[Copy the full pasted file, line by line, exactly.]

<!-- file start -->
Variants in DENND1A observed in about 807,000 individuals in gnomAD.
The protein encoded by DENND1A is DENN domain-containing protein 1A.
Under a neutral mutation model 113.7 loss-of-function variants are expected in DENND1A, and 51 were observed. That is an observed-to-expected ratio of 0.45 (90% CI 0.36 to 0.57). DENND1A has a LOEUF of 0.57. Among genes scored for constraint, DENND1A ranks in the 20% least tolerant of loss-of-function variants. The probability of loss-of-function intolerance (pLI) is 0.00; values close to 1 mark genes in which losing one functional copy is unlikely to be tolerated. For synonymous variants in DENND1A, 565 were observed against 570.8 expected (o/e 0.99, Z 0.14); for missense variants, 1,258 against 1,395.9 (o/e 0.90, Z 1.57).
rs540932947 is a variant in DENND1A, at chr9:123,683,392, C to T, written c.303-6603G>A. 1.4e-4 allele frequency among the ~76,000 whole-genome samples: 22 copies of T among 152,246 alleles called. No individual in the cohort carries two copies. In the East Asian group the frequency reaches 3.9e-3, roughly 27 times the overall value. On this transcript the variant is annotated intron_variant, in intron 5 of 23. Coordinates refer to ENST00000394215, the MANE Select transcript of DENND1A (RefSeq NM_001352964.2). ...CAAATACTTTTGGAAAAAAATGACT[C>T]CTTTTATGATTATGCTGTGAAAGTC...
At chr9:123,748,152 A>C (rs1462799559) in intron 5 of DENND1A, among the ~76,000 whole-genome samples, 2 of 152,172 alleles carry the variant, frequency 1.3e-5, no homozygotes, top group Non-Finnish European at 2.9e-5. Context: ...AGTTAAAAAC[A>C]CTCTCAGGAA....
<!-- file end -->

Variants in DENND1A observed in about 807,000 individuals in gnomAD.
The protein encoded by DENND1A is DENN domain-containing protein 1A.
Under a neutral mutation model 113.7 loss-of-function variants are expected in DENND1A, and 51 were observed. That is an observed-to-expected ratio of 0.45 (90% CI 0.36 to 0.57). DENND1A has a LOEUF of 0.57. Among genes scored for constraint, DENND1A ranks in the 20% least tolerant of loss-of-function variants. The probability of loss-of-function intolerance (pLI) is 0.00; values close to 1 mark genes in which losing one functional copy is unlikely to be tolerated. For synonymous variants in DENND1A, 565 were observed against 570.8 expected (o/e 0.99, Z 0.14); for missense variants, 1,258 against 1,395.9 (o/e 0.90, Z 1.57).
rs540932947 is a variant in DENND1A, at chr9:123,683,392, C to T, written c.303-6603G>A. 1.4e-4 allele frequency among the ~76,000 whole-genome samples: 22 copies of T among 152,246 alleles called. No individual in the cohort carries two copies. In the East Asian group the frequency reaches 3.9e-3, roughly 27 times the overall value. On this transcript the variant is annotated intron_variant, in intron 5 of 23. Coordinates refer to ENST00000394215, the MANE Select transcript of DENND1A (RefSeq NM_001352964.2). ...CAAATACTTTTGGAAAAAAATGACT[C>T]CTTTTATGATTATGCTGTGAAAGTC...
At chr9:123,748,152 A>C (rs1462799559) in intron 5 of DENND1A, among the ~76,000 whole-genome samples, 2 of 152,172 alleles carry the variant, frequency 1.3e-5, no homozygotes, top group Non-Finnish European at 2.9e-5. Context: ...AGTTAAAAAC[A>C]CTCTCAGGAA....